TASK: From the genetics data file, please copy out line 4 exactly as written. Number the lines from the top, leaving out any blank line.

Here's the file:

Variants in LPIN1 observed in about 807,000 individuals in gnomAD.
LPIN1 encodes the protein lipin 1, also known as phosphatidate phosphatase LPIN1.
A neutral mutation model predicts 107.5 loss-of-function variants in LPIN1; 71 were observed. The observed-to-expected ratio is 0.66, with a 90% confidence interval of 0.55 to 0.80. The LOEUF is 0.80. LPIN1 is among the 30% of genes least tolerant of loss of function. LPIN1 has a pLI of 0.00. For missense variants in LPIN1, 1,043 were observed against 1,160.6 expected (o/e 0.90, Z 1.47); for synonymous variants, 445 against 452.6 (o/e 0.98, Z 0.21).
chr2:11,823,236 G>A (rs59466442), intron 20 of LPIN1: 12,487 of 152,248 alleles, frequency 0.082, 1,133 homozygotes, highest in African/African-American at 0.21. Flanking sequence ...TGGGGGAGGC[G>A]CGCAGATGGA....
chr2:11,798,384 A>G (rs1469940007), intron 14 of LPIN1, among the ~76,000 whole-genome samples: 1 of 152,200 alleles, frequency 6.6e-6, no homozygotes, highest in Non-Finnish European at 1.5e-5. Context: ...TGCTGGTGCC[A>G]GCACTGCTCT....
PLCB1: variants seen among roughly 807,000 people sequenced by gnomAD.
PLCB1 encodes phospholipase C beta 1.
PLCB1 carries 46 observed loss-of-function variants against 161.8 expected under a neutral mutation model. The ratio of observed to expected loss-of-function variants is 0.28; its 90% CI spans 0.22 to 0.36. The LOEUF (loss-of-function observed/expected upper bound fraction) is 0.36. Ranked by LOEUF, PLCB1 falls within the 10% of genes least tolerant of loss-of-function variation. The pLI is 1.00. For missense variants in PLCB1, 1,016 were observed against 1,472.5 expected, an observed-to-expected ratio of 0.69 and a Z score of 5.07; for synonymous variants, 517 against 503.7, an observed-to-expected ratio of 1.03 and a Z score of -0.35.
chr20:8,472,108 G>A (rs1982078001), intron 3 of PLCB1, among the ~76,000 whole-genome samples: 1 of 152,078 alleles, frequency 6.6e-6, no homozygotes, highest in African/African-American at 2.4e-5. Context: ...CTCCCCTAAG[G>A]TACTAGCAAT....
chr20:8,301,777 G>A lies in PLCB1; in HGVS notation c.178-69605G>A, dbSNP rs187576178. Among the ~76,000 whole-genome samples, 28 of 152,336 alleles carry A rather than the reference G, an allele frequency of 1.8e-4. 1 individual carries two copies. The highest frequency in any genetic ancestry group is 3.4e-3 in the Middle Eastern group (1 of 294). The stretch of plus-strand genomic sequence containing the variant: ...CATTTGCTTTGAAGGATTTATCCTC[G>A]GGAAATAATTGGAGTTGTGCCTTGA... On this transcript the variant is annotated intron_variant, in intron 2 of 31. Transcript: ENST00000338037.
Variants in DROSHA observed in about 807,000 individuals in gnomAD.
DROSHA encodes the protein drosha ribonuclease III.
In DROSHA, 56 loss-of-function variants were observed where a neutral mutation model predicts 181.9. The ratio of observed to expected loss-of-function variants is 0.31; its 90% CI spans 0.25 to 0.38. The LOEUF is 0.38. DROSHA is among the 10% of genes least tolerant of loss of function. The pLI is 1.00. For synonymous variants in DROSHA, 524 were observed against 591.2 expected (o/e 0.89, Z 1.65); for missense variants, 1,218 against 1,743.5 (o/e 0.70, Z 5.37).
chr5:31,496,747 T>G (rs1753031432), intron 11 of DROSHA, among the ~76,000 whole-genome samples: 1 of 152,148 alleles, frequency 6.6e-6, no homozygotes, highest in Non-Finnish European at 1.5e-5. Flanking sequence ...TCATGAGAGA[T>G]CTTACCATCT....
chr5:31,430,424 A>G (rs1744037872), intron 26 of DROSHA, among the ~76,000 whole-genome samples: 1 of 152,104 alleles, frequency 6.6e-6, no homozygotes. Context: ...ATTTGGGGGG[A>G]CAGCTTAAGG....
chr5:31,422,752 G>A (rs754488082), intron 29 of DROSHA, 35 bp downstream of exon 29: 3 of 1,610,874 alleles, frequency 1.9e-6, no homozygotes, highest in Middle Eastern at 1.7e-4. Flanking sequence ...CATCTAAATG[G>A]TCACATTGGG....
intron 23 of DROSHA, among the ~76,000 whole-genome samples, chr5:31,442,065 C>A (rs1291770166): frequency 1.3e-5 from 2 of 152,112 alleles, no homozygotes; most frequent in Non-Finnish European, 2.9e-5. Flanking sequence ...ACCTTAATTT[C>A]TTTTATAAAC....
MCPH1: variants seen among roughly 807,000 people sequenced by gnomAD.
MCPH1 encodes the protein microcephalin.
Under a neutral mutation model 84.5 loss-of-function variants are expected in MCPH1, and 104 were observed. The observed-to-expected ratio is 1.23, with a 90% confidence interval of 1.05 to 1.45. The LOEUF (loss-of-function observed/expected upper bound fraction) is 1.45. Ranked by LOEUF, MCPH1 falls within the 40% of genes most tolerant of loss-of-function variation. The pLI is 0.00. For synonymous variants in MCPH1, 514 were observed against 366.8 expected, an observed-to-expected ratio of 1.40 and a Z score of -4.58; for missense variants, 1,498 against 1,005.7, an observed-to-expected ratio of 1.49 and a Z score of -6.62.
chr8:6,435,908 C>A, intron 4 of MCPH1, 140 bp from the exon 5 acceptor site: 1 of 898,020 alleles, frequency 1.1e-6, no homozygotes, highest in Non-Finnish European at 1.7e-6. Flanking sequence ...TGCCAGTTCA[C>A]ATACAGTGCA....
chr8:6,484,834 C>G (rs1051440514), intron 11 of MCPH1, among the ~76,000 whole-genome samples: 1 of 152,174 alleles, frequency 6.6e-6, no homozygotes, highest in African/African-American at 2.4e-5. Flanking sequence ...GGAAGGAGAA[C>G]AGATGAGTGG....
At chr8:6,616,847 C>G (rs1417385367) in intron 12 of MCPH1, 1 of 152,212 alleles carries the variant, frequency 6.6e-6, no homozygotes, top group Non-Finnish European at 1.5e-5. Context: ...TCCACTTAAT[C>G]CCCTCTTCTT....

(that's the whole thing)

chr2:11,823,236 G>A (rs59466442), intron 20 of LPIN1: 12,487 of 152,248 alleles, frequency 0.082, 1,133 homozygotes, highest in African/African-American at 0.21. Flanking sequence ...TGGGGGAGGC[G>A]CGCAGATGGA....